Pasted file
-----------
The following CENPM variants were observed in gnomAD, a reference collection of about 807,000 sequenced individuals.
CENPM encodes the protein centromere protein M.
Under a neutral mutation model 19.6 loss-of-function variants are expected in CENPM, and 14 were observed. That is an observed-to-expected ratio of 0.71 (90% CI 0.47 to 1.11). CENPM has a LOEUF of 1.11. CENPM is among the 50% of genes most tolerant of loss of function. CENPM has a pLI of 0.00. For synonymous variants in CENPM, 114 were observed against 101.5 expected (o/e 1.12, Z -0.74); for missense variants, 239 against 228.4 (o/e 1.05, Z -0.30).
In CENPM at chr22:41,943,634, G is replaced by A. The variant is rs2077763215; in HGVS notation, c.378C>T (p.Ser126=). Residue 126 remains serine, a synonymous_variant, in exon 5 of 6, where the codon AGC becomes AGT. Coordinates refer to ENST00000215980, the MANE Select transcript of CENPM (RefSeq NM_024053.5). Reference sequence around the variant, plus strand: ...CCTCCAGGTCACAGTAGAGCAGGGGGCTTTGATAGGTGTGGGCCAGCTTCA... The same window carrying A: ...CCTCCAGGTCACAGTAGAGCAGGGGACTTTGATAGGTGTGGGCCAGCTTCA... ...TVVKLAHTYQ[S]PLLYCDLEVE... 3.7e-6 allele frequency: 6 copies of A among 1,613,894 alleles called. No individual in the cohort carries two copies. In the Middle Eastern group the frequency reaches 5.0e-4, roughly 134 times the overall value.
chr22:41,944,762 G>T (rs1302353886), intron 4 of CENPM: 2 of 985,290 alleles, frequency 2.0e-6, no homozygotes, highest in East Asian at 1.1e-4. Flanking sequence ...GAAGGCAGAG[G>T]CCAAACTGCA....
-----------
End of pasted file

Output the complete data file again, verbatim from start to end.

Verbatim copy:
The following CENPM variants were observed in gnomAD, a reference collection of about 807,000 sequenced individuals.
CENPM encodes the protein centromere protein M.
Under a neutral mutation model 19.6 loss-of-function variants are expected in CENPM, and 14 were observed. That is an observed-to-expected ratio of 0.71 (90% CI 0.47 to 1.11). CENPM has a LOEUF of 1.11. CENPM is among the 50% of genes most tolerant of loss of function. CENPM has a pLI of 0.00. For synonymous variants in CENPM, 114 were observed against 101.5 expected (o/e 1.12, Z -0.74); for missense variants, 239 against 228.4 (o/e 1.05, Z -0.30).
In CENPM at chr22:41,943,634, G is replaced by A. The variant is rs2077763215; in HGVS notation, c.378C>T (p.Ser126=). Residue 126 remains serine, a synonymous_variant, in exon 5 of 6, where the codon AGC becomes AGT. Coordinates refer to ENST00000215980, the MANE Select transcript of CENPM (RefSeq NM_024053.5). Reference sequence around the variant, plus strand: ...CCTCCAGGTCACAGTAGAGCAGGGGGCTTTGATAGGTGTGGGCCAGCTTCA... The same window carrying A: ...CCTCCAGGTCACAGTAGAGCAGGGGACTTTGATAGGTGTGGGCCAGCTTCA... ...TVVKLAHTYQ[S]PLLYCDLEVE... 3.7e-6 allele frequency: 6 copies of A among 1,613,894 alleles called. No individual in the cohort carries two copies. In the Middle Eastern group the frequency reaches 5.0e-4, roughly 134 times the overall value.
chr22:41,944,762 G>T (rs1302353886), intron 4 of CENPM: 2 of 985,290 alleles, frequency 2.0e-6, no homozygotes, highest in East Asian at 1.1e-4. Flanking sequence ...GAAGGCAGAG[G>T]CCAAACTGCA....